This post was originally published on the MakerSpace blog.
Being open to surprises, Testing with users and iterating again and again.
On May 1st 2019, we had our Spring Prototyping Fund Showcase, which as previous years reflected the strong interest of NYU students for social issues and sustainability: from reusable tampon applicators that limit waste to a sensor-enabled beehive lid to protect bee colony loss, a mobile pop-up exhibit to change perception about homelessness and a battery system using reusable batteries to provide power during blackouts or grid failures in African countries. Education was definitely a focus of interest for several teams whether through strategy games, a holographic pet or light-sensor cube.
The prototypes presented reflected the gamut of prototyping: from work-like prototypes (e.g. an efficient, powerful and lightweight motor, a foldable-ski) to look-like and experience prototypes. In all cases, teams have gone from several iterations and many have been able to do user testing and others were planning to do this during the coming months. Some of the key learnings from the team were:
- You need to be open to surprise – whether good or less good (it does not work but why).
- You learn so much when you test with users even though it can be scary at first.
- It’s a long process and while it can be frustrating at time, there is much to learn out of it.
Since 2013, the NYU Prototyping Fund (a collaborative program offered by the Design Lab @ NYU Tandon MakerSpace and the NYU Entrepreneurial Institute) has awarded teams of students up to $500 for phase 1 and up to $2000 for phase 2 to build hardware or software prototypes, and connects them with the resources, tools, and mentors they need to bring their ideas to life.
Past awardees have gone on to win the $300k Entrepreneurs Challenge and Innovention Competitions, receive grants from NYU Green Grant, VentureWell and the NSF, raise angel/venture capital funding and many remain in business shipping products and generating revenue!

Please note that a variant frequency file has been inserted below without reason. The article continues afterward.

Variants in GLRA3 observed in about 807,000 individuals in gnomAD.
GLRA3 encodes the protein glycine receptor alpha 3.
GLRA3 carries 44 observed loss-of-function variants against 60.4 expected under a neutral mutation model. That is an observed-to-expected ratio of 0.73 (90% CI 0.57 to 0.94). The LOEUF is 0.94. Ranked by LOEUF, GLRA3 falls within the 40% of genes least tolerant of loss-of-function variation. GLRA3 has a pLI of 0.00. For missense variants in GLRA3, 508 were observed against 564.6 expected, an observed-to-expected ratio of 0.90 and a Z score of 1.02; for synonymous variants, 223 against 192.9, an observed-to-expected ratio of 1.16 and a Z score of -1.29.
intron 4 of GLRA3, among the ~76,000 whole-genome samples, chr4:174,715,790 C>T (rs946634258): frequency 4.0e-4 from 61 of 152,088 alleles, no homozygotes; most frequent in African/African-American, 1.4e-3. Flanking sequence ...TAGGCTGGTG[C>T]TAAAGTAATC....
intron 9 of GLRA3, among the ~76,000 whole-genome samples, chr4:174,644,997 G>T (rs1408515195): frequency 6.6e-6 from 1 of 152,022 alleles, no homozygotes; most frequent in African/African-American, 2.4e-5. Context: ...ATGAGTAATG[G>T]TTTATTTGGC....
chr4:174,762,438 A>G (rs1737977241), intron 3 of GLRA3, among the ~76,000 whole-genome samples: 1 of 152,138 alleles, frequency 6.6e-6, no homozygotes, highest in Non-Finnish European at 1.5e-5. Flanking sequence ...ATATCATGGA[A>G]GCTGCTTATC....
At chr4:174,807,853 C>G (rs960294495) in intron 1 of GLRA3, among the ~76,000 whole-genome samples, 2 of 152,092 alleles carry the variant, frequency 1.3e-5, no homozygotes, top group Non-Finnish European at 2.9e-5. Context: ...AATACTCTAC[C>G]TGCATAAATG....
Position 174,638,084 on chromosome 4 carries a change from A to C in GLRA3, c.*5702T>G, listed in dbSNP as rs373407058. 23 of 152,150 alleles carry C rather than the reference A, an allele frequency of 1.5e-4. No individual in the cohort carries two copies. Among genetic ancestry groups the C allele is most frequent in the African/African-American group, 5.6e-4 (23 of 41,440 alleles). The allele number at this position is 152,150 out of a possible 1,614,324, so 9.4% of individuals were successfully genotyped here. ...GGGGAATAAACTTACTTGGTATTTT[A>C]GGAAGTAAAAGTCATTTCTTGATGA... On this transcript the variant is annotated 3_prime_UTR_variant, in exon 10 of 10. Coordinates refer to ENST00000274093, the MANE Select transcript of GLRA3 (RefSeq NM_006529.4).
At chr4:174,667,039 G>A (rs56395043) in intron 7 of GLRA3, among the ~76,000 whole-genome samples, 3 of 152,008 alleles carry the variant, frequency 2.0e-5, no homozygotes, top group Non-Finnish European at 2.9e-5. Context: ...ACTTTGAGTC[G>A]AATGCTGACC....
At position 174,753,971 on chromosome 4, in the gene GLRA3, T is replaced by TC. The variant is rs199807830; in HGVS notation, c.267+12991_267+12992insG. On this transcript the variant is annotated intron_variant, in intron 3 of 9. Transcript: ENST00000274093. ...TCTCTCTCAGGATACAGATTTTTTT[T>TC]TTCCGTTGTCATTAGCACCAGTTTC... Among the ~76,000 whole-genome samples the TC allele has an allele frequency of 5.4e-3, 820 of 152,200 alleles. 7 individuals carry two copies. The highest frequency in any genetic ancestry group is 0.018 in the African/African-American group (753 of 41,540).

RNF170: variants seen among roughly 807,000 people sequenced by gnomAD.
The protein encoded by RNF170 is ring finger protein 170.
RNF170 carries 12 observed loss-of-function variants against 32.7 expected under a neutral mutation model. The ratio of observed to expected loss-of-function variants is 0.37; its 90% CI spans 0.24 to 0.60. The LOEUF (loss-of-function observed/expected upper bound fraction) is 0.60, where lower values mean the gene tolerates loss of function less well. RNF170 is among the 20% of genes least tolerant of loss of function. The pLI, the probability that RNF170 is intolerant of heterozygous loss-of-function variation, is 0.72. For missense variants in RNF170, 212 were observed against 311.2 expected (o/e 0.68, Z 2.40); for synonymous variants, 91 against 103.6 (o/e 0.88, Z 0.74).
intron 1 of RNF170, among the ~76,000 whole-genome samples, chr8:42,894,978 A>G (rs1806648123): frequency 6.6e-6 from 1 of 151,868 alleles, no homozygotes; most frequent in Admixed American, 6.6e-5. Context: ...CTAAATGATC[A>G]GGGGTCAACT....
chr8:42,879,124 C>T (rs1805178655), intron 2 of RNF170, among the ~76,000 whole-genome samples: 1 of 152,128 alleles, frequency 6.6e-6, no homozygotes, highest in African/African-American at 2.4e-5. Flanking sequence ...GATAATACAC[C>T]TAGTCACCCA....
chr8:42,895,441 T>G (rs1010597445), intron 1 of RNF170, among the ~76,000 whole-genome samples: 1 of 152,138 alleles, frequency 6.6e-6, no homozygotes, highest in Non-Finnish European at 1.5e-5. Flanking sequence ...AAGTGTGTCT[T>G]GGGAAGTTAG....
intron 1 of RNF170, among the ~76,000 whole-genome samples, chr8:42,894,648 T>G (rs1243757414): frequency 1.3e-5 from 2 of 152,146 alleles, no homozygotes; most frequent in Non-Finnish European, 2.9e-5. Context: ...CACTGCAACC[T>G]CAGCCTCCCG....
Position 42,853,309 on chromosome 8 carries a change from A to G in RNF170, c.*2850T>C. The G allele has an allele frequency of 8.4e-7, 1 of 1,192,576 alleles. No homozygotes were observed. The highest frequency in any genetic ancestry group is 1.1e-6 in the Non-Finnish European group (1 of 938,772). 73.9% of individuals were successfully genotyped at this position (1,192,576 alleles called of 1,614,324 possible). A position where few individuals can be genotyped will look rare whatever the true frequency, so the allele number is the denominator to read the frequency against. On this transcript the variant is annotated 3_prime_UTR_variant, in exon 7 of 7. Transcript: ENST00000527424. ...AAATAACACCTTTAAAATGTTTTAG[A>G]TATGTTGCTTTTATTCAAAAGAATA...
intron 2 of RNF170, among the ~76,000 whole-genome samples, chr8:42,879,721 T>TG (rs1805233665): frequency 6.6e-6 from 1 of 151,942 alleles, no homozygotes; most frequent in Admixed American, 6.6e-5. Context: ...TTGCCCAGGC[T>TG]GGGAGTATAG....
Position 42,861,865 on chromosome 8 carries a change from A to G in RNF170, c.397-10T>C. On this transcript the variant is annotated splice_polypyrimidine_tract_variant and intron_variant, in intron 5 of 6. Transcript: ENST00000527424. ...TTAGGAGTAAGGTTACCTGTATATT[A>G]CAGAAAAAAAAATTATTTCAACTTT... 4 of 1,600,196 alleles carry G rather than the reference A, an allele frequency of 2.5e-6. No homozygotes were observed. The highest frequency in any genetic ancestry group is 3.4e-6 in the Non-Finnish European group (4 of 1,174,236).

This spring we selected 11 teams for phase 1 and 2 teams for phase 2. Teams included students from multiple programs, majors and schools (Gallatin, Steinhardt, Stern, Tandon, Tisch) reflecting the value of interdisciplinarity and collaboration to generate novel ideas.
To learn more about all projects, see below.
Comma: is a reusable tampon applicator that limits waste associated with people's menstrual cycles. Emily Gordin, Gallatin BA ‘19; Nicole Acero, CAS BS ‘19; Audrey Burt, Gallatin, BA ‘19; Emma Williams, Gallatin BA ‘19; Stephanie Frieman, Steinhardt, BA ‘19
Deluge: The first massively-multiplayer board game in which players explore and discover a world of extreme climates through co-operation and tactical strategy. Jeff Petriello, Tisch MFA ‘19; Oliver Hong, Tisch MFA ‘19; Edanur Kuntman, Tisch MFA ‘19
Elixir: an 8% alcoholic kombucha that is low in sugar and calories, high in flavor and fits your lifestyle so you can indulge, feel good, and not skip a beat. Jessica Willis, Steinhardt MA ‘19 and Armaan Ahmed, Gallatin BA ‘22
Foldable Alpine Skis: design and build a pair of safe, cost-effective, and functional foldable Alpine skis. Xinyang Liu, Tandon BS ‘22; Monserrate Valdez, Tandon BS ‘22; Begum Ferdous, Tandon BS ‘22
I C: A wearable technology that integrates state-of-the-art computer vision methods and microcomputers to aid the visually impaired in navigating their surroundings. Samuel Boahen, Tandon BS ‘21 and Alula Haile, Tandon BS ‘21
PepperPet: An interactive, holographic digital pet projected in a portable box made to instill responsibility in children, and for families who are unable to adopt pets due to health or financial reasons. Tengku Hana Shafikah, Tandon BS ‘22; Belinda Che, Tandon BS ‘22; Lambert Wu, Tandon BS ‘22; Neha Vasudevan, Tandon BS ‘22
The PitchCube is designed to help kids with disabilities learn music through color, or even just a way to add color ambience to any event. Katherine McFarlane, Steinhardt BA ‘21
Placemaking Reimagined is a project that aims on changing the public perception about homelessness in New York City through a series of pop-up exhibitions. Ashley Tang, Steinhardt BS ‘19; Katya Rozanova, Gallatin MA ‘19; Kelsey Murphy, Gallatin MA ‘19; Suqi Wu, Tandon BS ‘21
Reliable Power is an uninterruptible power supply, assembled from recycled lithium polymer ion batteries, that will charge while electricity is available and provide power during blackouts or grid failures. The battery system will replace the generators already in place, reducing fossil fuel consumption and noise/environmental pollution. Somto Ejinkonye, Tandon BS ‘21
SynSpectra Bioreactor: A bioreactor that controls the production of pharmaceutical drugs in genetically engineered bacteria through the transmission of light signals. Dong Hyun Sung, Tandon BS ‘21; Ali Hasan, Tandon BS ‘20; Steven Ionov, Tandon BS ‘19
WebSight:is a company that seeks to empower the next generation of blind students by making education in coding more accessible. Alexander Rein, Stern BS '20 and Ethan Reznikoff, Gallatin BA '19
Beespect: Sensor-enabled beehive lid for commercial beekeepers that aims to reduce colony losses over the winter season by reporting hive microenvironment data. Octavia Larentis, Tandon MS ‘19 and Monica Mendoza, Tandon MS ‘19
Merciless Motors: Efficient, powerful and lightweight motor. Anna Kotyza, Gallatin BA ‘19 and Nader Ahmed, Tandon BS ‘19